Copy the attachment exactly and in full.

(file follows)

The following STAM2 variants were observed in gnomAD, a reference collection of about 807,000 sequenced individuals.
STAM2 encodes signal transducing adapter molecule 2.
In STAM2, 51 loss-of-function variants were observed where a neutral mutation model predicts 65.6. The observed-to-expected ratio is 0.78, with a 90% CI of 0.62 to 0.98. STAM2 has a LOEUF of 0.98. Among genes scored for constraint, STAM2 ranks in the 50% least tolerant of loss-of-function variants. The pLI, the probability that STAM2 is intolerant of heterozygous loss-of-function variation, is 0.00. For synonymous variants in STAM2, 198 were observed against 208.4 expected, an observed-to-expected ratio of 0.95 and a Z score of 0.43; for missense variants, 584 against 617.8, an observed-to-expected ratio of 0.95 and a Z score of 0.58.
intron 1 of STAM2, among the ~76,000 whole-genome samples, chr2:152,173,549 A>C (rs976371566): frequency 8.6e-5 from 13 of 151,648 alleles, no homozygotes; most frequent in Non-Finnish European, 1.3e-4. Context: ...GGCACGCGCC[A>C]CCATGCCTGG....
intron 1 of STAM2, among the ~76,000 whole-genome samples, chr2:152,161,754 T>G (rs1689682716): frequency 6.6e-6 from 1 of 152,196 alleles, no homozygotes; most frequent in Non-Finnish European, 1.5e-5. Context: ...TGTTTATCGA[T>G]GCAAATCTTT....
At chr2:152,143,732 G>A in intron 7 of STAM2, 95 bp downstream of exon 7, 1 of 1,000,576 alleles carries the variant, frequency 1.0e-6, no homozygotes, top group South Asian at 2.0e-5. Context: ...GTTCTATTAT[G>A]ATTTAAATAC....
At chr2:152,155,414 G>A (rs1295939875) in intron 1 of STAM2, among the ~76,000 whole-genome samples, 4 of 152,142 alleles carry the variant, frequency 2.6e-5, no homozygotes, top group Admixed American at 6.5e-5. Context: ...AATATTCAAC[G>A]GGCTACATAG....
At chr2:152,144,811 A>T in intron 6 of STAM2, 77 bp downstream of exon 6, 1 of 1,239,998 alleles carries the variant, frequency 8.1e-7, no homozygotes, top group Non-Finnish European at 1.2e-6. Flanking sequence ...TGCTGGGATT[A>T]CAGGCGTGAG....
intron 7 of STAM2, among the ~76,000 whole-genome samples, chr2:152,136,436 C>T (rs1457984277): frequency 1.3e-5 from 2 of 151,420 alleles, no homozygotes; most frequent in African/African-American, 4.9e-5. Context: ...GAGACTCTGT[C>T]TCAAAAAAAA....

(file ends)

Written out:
The following STAM2 variants were observed in gnomAD, a reference collection of about 807,000 sequenced individuals.
STAM2 encodes signal transducing adapter molecule 2.
In STAM2, 51 loss-of-function variants were observed where a neutral mutation model predicts 65.6. The observed-to-expected ratio is 0.78, with a 90% CI of 0.62 to 0.98. STAM2 has a LOEUF of 0.98. Among genes scored for constraint, STAM2 ranks in the 50% least tolerant of loss-of-function variants. The pLI, the probability that STAM2 is intolerant of heterozygous loss-of-function variation, is 0.00. For synonymous variants in STAM2, 198 were observed against 208.4 expected, an observed-to-expected ratio of 0.95 and a Z score of 0.43; for missense variants, 584 against 617.8, an observed-to-expected ratio of 0.95 and a Z score of 0.58.
intron 1 of STAM2, among the ~76,000 whole-genome samples, chr2:152,173,549 A>C (rs976371566): frequency 8.6e-5 from 13 of 151,648 alleles, no homozygotes; most frequent in Non-Finnish European, 1.3e-4. Context: ...GGCACGCGCC[A>C]CCATGCCTGG....
intron 1 of STAM2, among the ~76,000 whole-genome samples, chr2:152,161,754 T>G (rs1689682716): frequency 6.6e-6 from 1 of 152,196 alleles, no homozygotes; most frequent in Non-Finnish European, 1.5e-5. Context: ...TGTTTATCGA[T>G]GCAAATCTTT....
At chr2:152,143,732 G>A in intron 7 of STAM2, 95 bp downstream of exon 7, 1 of 1,000,576 alleles carries the variant, frequency 1.0e-6, no homozygotes, top group South Asian at 2.0e-5. Context: ...GTTCTATTAT[G>A]ATTTAAATAC....
At chr2:152,155,414 G>A (rs1295939875) in intron 1 of STAM2, among the ~76,000 whole-genome samples, 4 of 152,142 alleles carry the variant, frequency 2.6e-5, no homozygotes, top group Admixed American at 6.5e-5. Context: ...AATATTCAAC[G>A]GGCTACATAG....
At chr2:152,144,811 A>T in intron 6 of STAM2, 77 bp downstream of exon 6, 1 of 1,239,998 alleles carries the variant, frequency 8.1e-7, no homozygotes, top group Non-Finnish European at 1.2e-6. Flanking sequence ...TGCTGGGATT[A>T]CAGGCGTGAG....
intron 7 of STAM2, among the ~76,000 whole-genome samples, chr2:152,136,436 C>T (rs1457984277): frequency 1.3e-5 from 2 of 151,420 alleles, no homozygotes; most frequent in African/African-American, 4.9e-5. Context: ...GAGACTCTGT[C>T]TCAAAAAAAA....